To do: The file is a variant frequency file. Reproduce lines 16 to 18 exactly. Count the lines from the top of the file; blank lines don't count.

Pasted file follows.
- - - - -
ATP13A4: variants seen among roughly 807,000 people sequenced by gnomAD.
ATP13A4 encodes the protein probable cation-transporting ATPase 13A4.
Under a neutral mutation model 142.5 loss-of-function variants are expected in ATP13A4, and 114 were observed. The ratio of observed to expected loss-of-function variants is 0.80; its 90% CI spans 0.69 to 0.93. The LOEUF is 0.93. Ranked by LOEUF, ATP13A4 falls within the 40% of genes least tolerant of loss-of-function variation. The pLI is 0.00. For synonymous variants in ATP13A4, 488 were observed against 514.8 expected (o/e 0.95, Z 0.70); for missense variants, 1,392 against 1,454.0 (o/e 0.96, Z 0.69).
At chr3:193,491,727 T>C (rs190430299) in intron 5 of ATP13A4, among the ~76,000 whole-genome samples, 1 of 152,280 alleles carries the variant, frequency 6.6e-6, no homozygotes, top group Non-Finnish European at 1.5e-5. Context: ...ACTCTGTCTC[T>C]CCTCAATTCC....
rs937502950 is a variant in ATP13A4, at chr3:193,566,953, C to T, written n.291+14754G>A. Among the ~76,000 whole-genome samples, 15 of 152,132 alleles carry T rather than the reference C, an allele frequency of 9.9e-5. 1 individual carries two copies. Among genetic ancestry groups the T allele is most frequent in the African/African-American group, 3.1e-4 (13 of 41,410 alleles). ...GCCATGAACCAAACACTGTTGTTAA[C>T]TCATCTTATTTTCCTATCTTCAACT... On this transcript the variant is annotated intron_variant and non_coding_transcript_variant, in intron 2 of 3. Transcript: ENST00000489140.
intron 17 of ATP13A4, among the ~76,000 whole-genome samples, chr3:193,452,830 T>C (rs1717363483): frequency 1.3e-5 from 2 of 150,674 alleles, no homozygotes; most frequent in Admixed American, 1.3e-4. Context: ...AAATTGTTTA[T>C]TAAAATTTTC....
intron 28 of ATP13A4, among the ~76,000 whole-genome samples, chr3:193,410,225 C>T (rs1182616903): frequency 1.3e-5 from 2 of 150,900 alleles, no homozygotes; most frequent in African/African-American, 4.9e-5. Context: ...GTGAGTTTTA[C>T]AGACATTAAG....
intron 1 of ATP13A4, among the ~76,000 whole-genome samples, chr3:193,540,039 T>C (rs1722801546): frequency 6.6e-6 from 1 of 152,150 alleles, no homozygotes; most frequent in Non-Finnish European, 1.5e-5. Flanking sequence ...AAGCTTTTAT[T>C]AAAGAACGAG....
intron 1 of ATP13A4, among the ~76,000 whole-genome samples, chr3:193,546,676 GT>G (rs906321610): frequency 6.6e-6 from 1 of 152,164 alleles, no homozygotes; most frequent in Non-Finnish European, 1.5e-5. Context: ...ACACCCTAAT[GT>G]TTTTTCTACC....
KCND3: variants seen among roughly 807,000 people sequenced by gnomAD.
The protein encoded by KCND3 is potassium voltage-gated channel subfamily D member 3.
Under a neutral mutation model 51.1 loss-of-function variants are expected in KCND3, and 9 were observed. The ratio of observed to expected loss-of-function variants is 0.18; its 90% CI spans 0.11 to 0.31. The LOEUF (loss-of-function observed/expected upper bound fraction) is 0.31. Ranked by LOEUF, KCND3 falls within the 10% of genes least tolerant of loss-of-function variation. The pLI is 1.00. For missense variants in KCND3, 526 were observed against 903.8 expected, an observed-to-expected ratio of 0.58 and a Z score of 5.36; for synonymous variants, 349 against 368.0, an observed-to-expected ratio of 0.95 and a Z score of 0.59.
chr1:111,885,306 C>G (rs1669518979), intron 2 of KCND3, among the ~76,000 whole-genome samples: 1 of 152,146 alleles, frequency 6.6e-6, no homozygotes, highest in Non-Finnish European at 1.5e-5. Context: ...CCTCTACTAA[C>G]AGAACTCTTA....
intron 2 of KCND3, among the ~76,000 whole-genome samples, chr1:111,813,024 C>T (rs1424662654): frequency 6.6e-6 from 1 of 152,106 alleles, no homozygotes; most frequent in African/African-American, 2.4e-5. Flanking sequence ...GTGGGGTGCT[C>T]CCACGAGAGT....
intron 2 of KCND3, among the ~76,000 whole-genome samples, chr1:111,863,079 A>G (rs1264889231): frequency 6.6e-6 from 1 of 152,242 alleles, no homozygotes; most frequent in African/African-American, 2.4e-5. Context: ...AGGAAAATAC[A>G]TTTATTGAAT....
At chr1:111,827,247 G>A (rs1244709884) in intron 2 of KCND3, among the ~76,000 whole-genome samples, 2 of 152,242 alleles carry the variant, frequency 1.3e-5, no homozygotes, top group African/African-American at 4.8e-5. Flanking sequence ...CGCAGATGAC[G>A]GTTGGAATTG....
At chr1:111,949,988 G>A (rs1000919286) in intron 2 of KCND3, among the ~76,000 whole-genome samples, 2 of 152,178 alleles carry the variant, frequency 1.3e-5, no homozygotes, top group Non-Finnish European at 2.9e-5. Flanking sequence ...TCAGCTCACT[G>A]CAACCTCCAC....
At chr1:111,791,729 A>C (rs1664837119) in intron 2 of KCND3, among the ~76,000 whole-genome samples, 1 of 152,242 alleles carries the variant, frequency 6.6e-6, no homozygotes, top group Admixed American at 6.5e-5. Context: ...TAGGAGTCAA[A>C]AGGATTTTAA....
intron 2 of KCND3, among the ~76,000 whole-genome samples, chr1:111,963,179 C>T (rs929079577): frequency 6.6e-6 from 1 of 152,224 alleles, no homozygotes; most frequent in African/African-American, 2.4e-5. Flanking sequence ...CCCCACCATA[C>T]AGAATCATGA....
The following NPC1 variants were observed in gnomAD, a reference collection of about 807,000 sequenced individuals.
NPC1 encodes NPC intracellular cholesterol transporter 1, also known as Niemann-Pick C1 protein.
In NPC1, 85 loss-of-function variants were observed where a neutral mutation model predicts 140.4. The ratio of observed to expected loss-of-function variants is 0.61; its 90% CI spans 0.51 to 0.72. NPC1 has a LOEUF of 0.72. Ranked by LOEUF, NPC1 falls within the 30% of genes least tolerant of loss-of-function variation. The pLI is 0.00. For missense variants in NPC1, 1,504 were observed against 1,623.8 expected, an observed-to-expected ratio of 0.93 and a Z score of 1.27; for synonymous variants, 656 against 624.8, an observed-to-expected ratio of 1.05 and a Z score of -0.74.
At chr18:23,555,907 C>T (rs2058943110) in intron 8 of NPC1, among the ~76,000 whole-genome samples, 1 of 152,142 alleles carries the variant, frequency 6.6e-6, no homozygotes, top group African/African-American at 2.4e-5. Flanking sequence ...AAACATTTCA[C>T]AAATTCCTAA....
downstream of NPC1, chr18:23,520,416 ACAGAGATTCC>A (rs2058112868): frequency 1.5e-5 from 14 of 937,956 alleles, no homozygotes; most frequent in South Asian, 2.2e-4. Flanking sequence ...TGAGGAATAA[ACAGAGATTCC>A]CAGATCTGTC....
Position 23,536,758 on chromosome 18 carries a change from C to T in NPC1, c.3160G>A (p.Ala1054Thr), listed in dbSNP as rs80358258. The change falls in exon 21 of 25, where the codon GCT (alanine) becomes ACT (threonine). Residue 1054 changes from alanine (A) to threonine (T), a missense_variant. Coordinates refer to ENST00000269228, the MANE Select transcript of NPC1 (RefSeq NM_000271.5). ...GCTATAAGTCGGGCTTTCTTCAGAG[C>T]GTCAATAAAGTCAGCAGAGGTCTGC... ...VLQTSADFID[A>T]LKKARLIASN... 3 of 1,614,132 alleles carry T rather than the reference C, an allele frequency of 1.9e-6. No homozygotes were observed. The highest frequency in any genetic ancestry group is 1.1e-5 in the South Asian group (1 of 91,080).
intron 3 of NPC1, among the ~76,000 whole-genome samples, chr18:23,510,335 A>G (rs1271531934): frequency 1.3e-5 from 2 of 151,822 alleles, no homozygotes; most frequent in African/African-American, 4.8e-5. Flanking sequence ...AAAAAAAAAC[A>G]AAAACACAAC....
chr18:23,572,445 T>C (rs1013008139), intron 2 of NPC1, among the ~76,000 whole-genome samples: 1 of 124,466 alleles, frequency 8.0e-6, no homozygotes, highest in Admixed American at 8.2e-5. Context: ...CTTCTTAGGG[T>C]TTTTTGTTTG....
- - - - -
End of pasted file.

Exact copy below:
At chr1:111,827,247 G>A (rs1244709884) in intron 2 of KCND3, among the ~76,000 whole-genome samples, 2 of 152,242 alleles carry the variant, frequency 1.3e-5, no homozygotes, top group African/African-American at 4.8e-5. Flanking sequence ...CGCAGATGAC[G>A]GTTGGAATTG....
At chr1:111,949,988 G>A (rs1000919286) in intron 2 of KCND3, among the ~76,000 whole-genome samples, 2 of 152,178 alleles carry the variant, frequency 1.3e-5, no homozygotes, top group Non-Finnish European at 2.9e-5. Flanking sequence ...TCAGCTCACT[G>A]CAACCTCCAC....
At chr1:111,791,729 A>C (rs1664837119) in intron 2 of KCND3, among the ~76,000 whole-genome samples, 1 of 152,242 alleles carries the variant, frequency 6.6e-6, no homozygotes, top group Admixed American at 6.5e-5. Context: ...TAGGAGTCAA[A>C]AGGATTTTAA....